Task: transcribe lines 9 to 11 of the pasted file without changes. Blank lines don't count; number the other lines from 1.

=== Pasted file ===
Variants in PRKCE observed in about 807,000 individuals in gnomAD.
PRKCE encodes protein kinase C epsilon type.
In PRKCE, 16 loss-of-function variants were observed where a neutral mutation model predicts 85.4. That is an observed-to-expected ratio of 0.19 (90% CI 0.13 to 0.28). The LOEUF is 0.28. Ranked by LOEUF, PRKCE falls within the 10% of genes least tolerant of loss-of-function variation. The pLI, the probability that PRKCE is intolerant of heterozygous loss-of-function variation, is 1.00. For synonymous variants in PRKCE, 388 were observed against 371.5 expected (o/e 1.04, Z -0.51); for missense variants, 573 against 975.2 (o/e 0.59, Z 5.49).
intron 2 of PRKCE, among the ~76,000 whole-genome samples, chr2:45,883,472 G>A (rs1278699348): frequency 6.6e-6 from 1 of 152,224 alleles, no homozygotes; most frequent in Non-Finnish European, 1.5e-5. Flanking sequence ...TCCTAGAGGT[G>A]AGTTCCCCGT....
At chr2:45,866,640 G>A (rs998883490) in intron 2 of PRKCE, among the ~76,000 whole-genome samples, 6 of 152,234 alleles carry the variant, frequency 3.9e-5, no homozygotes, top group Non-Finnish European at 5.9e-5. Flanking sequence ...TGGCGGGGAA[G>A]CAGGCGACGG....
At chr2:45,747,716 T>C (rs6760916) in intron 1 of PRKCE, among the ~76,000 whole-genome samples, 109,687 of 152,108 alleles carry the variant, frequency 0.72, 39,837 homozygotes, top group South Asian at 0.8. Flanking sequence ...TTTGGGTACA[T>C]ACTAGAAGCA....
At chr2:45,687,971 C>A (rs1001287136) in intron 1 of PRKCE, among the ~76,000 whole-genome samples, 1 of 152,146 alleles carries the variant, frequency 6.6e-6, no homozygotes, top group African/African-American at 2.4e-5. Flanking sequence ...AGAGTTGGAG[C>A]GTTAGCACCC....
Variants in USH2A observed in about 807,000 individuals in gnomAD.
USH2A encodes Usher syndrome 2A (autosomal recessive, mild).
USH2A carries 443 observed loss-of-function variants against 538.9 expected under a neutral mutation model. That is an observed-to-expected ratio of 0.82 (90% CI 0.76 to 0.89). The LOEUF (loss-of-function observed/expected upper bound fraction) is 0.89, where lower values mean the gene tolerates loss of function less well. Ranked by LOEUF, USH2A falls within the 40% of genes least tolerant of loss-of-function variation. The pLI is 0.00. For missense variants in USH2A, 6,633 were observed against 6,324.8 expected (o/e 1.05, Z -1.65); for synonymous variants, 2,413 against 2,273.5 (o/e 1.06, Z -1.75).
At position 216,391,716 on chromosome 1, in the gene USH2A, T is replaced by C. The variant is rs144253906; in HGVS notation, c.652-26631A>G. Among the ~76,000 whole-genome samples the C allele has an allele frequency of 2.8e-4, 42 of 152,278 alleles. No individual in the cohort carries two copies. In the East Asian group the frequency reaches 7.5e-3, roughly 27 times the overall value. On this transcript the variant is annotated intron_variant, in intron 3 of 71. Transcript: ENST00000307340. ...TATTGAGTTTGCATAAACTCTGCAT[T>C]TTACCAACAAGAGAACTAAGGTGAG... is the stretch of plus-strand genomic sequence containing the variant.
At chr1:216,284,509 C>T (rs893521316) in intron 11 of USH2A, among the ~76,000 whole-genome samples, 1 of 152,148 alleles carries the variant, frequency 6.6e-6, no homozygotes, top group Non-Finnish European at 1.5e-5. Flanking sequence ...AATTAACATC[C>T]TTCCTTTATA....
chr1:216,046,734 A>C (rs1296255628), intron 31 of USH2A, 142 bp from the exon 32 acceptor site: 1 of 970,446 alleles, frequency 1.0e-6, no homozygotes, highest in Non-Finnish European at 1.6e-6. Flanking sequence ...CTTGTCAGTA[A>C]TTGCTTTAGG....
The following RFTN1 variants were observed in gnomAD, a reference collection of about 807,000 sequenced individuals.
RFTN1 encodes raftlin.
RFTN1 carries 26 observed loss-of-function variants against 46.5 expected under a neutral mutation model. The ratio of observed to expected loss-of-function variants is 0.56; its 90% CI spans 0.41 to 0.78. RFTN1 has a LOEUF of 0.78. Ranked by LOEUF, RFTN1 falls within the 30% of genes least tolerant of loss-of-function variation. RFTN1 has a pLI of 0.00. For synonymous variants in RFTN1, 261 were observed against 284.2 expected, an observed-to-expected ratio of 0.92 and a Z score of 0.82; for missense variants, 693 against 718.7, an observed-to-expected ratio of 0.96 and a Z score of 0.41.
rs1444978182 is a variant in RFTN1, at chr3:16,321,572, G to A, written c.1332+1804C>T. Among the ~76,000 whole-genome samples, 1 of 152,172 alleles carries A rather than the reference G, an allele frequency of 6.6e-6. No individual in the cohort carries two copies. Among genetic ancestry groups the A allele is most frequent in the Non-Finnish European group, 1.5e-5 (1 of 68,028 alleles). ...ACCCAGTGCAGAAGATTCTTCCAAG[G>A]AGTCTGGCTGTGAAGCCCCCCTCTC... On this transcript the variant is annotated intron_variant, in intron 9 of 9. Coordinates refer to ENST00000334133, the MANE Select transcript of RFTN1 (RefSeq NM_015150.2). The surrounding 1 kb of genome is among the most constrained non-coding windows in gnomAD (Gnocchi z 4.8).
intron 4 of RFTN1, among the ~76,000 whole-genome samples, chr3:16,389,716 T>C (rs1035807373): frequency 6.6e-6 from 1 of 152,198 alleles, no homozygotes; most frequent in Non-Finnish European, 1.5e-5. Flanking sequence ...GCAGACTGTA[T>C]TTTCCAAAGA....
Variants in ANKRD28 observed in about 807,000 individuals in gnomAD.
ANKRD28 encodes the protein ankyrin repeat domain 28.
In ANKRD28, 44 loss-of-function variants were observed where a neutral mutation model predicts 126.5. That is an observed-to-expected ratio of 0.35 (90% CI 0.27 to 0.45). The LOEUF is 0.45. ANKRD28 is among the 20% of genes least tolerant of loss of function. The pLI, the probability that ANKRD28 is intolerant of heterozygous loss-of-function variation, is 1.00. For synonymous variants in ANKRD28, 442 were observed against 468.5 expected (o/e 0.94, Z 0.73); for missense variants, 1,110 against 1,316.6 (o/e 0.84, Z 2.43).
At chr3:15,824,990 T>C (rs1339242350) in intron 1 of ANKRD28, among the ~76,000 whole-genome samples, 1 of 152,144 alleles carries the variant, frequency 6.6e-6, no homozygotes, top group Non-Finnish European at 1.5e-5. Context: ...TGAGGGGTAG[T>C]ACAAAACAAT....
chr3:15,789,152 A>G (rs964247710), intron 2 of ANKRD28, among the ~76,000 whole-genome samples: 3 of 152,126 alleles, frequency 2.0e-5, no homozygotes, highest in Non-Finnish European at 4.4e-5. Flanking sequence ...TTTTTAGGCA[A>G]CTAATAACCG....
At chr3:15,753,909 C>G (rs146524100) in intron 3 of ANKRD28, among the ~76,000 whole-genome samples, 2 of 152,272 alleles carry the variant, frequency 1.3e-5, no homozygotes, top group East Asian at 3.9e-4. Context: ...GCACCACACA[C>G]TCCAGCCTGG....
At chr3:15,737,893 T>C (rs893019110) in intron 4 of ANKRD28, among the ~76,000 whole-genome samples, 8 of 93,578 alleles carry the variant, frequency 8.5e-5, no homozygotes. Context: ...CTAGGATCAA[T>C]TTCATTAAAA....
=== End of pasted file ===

USH2A encodes Usher syndrome 2A (autosomal recessive, mild).
USH2A carries 443 observed loss-of-function variants against 538.9 expected under a neutral mutation model. That is an observed-to-expected ratio of 0.82 (90% CI 0.76 to 0.89). The LOEUF (loss-of-function observed/expected upper bound fraction) is 0.89, where lower values mean the gene tolerates loss of function less well. Ranked by LOEUF, USH2A falls within the 40% of genes least tolerant of loss-of-function variation. The pLI is 0.00. For missense variants in USH2A, 6,633 were observed against 6,324.8 expected (o/e 1.05, Z -1.65); for synonymous variants, 2,413 against 2,273.5 (o/e 1.06, Z -1.75).
At position 216,391,716 on chromosome 1, in the gene USH2A, T is replaced by C. The variant is rs144253906; in HGVS notation, c.652-26631A>G. Among the ~76,000 whole-genome samples the C allele has an allele frequency of 2.8e-4, 42 of 152,278 alleles. No individual in the cohort carries two copies. In the East Asian group the frequency reaches 7.5e-3, roughly 27 times the overall value. On this transcript the variant is annotated intron_variant, in intron 3 of 71. Transcript: ENST00000307340. ...TATTGAGTTTGCATAAACTCTGCAT[T>C]TTACCAACAAGAGAACTAAGGTGAG... is the stretch of plus-strand genomic sequence containing the variant.